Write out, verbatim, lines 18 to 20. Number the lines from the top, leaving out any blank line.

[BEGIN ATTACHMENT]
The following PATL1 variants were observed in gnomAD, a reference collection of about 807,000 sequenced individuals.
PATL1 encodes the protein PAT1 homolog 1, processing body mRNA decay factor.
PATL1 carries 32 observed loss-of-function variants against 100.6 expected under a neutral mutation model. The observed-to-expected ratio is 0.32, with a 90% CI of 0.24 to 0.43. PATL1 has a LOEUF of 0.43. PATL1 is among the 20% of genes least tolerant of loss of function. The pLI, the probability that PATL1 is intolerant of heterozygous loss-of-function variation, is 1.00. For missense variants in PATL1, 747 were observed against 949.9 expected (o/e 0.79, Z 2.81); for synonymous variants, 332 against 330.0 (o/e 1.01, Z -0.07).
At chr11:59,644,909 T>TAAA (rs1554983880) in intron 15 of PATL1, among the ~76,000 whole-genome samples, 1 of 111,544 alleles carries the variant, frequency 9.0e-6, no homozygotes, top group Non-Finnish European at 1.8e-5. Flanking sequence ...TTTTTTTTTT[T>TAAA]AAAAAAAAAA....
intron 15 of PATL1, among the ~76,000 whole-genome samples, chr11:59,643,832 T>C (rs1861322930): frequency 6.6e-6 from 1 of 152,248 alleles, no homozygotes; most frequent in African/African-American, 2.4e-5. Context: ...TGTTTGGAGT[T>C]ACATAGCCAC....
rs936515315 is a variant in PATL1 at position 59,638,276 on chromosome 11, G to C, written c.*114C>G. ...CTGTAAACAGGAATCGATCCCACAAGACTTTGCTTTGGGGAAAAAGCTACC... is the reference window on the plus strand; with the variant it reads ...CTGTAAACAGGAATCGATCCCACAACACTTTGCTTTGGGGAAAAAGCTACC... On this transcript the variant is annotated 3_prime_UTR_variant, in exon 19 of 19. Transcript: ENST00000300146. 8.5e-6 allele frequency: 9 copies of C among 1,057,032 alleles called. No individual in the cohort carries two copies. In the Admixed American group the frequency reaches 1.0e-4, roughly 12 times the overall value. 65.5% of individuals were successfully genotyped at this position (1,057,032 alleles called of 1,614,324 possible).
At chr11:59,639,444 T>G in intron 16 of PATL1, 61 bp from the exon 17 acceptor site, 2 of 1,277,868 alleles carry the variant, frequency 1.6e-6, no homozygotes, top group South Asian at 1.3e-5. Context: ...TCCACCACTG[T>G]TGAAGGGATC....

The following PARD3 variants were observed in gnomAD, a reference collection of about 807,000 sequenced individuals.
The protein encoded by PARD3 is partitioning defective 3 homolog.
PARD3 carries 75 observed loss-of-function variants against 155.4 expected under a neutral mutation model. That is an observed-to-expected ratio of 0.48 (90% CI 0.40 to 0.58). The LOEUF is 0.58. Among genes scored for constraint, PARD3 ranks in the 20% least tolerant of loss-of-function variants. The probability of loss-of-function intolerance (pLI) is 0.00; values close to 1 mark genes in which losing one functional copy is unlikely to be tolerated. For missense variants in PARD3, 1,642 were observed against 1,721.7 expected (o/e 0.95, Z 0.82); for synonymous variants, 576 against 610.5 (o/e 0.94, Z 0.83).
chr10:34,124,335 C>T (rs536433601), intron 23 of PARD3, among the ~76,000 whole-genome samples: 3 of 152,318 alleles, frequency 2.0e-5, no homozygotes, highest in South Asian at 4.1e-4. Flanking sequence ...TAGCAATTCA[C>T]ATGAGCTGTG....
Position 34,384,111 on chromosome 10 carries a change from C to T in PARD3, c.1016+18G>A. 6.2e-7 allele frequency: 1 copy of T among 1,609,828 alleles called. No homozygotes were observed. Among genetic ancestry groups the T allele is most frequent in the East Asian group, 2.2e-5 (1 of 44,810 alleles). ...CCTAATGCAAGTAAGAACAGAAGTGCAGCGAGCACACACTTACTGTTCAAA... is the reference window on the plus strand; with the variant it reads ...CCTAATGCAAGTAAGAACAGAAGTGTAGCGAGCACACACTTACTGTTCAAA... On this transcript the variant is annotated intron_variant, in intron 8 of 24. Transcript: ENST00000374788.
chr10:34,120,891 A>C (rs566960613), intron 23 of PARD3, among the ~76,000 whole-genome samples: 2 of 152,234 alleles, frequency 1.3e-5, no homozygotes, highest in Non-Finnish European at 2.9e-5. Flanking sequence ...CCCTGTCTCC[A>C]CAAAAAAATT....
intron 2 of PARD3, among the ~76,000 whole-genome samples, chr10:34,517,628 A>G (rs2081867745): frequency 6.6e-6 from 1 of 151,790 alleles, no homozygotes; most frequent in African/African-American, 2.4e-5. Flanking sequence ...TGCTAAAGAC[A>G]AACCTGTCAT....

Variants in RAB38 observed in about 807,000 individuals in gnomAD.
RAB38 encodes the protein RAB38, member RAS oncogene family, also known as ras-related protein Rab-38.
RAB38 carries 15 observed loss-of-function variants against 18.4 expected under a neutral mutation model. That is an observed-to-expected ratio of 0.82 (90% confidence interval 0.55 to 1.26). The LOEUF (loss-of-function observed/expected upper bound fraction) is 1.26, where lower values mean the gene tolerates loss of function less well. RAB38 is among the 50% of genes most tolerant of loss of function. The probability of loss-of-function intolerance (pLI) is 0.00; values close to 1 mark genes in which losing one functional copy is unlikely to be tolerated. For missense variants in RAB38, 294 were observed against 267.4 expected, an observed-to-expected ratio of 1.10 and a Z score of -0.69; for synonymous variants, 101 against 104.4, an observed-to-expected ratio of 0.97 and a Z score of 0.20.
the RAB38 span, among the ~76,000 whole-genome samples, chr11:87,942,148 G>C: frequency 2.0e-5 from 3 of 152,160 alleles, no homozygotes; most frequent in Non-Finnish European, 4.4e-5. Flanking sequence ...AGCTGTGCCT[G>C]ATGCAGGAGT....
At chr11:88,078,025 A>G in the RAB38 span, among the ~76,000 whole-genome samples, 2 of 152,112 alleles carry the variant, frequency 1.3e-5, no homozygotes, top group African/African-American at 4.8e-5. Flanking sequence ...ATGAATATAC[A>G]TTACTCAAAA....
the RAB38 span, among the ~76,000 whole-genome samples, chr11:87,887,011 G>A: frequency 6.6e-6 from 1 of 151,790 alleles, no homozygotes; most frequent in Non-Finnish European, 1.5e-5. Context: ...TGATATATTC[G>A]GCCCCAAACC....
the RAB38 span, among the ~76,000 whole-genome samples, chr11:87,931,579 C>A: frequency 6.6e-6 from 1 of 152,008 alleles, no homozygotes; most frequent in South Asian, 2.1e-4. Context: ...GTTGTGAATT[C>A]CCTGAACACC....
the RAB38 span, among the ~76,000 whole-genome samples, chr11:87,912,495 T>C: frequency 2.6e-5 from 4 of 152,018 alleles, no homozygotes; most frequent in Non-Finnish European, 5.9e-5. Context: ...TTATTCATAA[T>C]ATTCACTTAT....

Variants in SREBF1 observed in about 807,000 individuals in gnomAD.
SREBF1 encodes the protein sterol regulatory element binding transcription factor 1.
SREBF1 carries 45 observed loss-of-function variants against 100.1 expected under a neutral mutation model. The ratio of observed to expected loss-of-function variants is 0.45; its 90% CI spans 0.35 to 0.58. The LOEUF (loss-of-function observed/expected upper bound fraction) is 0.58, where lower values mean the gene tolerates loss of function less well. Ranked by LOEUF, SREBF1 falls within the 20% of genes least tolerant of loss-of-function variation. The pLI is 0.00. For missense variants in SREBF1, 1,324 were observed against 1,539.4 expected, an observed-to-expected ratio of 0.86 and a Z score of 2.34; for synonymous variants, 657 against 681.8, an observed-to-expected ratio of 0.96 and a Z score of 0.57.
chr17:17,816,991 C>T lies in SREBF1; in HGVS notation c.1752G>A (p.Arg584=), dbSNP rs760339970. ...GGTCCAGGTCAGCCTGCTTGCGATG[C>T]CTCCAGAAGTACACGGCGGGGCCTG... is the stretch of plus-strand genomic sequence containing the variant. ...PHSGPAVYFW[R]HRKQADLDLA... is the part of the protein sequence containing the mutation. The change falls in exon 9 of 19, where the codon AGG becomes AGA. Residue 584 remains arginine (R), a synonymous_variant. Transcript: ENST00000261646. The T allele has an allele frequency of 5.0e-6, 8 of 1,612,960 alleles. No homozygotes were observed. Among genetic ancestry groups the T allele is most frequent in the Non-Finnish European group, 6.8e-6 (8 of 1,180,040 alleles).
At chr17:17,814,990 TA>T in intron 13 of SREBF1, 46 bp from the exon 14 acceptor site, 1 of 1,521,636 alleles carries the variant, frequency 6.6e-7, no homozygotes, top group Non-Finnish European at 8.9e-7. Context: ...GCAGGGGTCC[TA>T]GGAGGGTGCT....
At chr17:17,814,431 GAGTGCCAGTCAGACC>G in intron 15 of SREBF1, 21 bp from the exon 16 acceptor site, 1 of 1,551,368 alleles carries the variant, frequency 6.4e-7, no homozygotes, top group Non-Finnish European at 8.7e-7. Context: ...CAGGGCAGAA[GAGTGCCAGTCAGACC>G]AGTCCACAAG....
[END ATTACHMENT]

the RAB38 span, among the ~76,000 whole-genome samples, chr11:87,942,148 G>C: frequency 2.0e-5 from 3 of 152,160 alleles, no homozygotes; most frequent in Non-Finnish European, 4.4e-5. Flanking sequence ...AGCTGTGCCT[G>C]ATGCAGGAGT....
At chr11:88,078,025 A>G in the RAB38 span, among the ~76,000 whole-genome samples, 2 of 152,112 alleles carry the variant, frequency 1.3e-5, no homozygotes, top group African/African-American at 4.8e-5. Flanking sequence ...ATGAATATAC[A>G]TTACTCAAAA....
the RAB38 span, among the ~76,000 whole-genome samples, chr11:87,887,011 G>A: frequency 6.6e-6 from 1 of 151,790 alleles, no homozygotes; most frequent in Non-Finnish European, 1.5e-5. Context: ...TGATATATTC[G>A]GCCCCAAACC....